Financial analysts spot small problems while the majority of average Canadians face really big ones.
[From 'Alison on Money', Jan. 29, METRO]
Alison says "setting up an automatic contribution plan will help you deal with this stressful time (i.e., RRSP season)." Meanwhile the average Canadian family is up to their eyeballs in debt and has no money for an RRSP contribution plan.
Someone other than a financial analyst has to soon deliver a series of new messages to help average Canadians avoid financial stress.
Try these on for size while we wait for government and business officials to prepare their notes:
Downsize the North American Dream Buy or build a much smaller house Buy a much small car Buy 50% fewer furnishings for your house
["I'm still waiting for a store like this in Old South, London"]
Buy Canadian and keep more jobs at home Learn to cook more of your own meals Include nature walks on your entertainment schedule
What other messages does the average Canadian need to hear in order to avoid financial stress or ruin?
Financial analysts may at times appear to have all the answers - related to our financial health - but they fail to address very big questions. While 'Avoiding the stress of RRSP season' may sound helpful (and it will be to some readers), consider the following:
The average Canadian is up to his eyeballs in debt He doesn't make enough money to have an RRSP When he hears "the maximum you can deposit to an RRSP for 2012 is $22,970" he wonders if he even makes that much and what planet is the writer from anyway?
Welcome to Canada, eh, the land of milk and honey for fewer people each year.
There are many reasons why fewer people are prospering each year and why comments from 'Alison on Money' (e.g., "setting up an automatic contribution plan will help you deal with this stressful time") sound really out of place for the average person. Canadians buy foreign products as if they're going out of style and 'Made in Canada' products and related jobs are going the way of the Dodo just as quickly. Modern machines do the jobs of many men and women and related unemployment figures seem destined not improve. Other reasons abound.
Since this is the season for financial analysts and gurus to pedal their wares, I predict a certain amount of financial stress will surface as a result of some of their encouraging words.
For example, when 'Alison on Money'says "$69,426.19 (is) the value of $100 saved monthly for 25 years at six per cent average annual return...", the average Canadian will wonder where they are going to scrap up that $100/mo. for 25 years. Unfortunately, on that final matter, Alison remains silent. So do and many others, including most levels of government and businesses. Why is that? Photo by GH *** Please click here for more about Money Matters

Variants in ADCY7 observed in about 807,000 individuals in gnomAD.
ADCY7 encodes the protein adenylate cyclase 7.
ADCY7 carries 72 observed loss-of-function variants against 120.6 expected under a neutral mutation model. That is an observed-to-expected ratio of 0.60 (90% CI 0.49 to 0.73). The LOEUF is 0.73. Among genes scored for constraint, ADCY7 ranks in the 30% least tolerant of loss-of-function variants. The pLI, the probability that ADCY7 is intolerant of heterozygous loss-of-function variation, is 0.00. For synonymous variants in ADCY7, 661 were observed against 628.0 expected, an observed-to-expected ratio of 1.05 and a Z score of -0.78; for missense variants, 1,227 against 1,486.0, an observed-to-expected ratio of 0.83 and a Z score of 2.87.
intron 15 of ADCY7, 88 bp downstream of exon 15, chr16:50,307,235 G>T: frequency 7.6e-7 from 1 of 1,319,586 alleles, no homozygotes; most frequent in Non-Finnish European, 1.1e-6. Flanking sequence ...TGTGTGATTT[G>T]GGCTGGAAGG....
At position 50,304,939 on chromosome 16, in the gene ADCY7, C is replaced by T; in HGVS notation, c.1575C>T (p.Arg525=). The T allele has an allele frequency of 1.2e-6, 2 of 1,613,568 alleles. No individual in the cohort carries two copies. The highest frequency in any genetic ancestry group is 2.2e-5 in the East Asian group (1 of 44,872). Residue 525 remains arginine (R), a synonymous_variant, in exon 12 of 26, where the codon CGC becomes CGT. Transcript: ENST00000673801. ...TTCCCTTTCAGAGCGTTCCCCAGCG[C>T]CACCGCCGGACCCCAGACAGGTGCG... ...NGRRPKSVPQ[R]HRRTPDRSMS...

I could not fix my busted table saw so I saved up real hard and bought a new one. 'Mini' log cabins and more will pay for the saw - in the long run. (Ten years of marathoning have prepared me well to deal with the long run.)
I recently felt the difference in size between the mini and large log cabin (seen directly below) was so great there was room for another size in between.
So I created a medium (directly below).
After dusting off my eyebrows I realized there was room for yet another size.
["L to R: Small, medium, large. Mini on top"]
Now I feel there is room for a log cabin triplex. I'll be busy in the workshop all week, I'm sure.
Today is Wednesday. Check. I play hockey at 3:45. Check. I'm motivated. Check.
Last week I scored my first goal in a long time after getting moved up to right wing from defence. Opposing players stood amazed. My brilliant speed - thanks to pedalling 106 miles that week - left them in awe.
Well, it left them in something. (How do I start the laugh track on this thing?)
[Sure, I only pedalled 1.2 extra miles, but I reached my goal!]
Three-year olds must have a different inner clock - regarding meals, baths, TV time, outdoor time - than adults my age. I finished washing the lunch dishes a few moments ago and Anna subsequently asked for spaghetti.
"How about a walk outside?" I asked.
"Spaghetti," she said.
Why didn't she eat it at noon with the rest of us? I wondered.
I said, "Why didn't you eat it earlier?"
"I wasn't hungry."
So I heated up the spaghetti (she also wanted more sauce than I had added) and after she ate she wanted a bath. Because of the extra sauce Anna needed a good soak.
It took me 45 minutes to make toast this morning. Usually it takes five. The twins took a long time to decide what kind of jam they wanted - with or without bananas on top - and the first batch didn't pass the sniff test.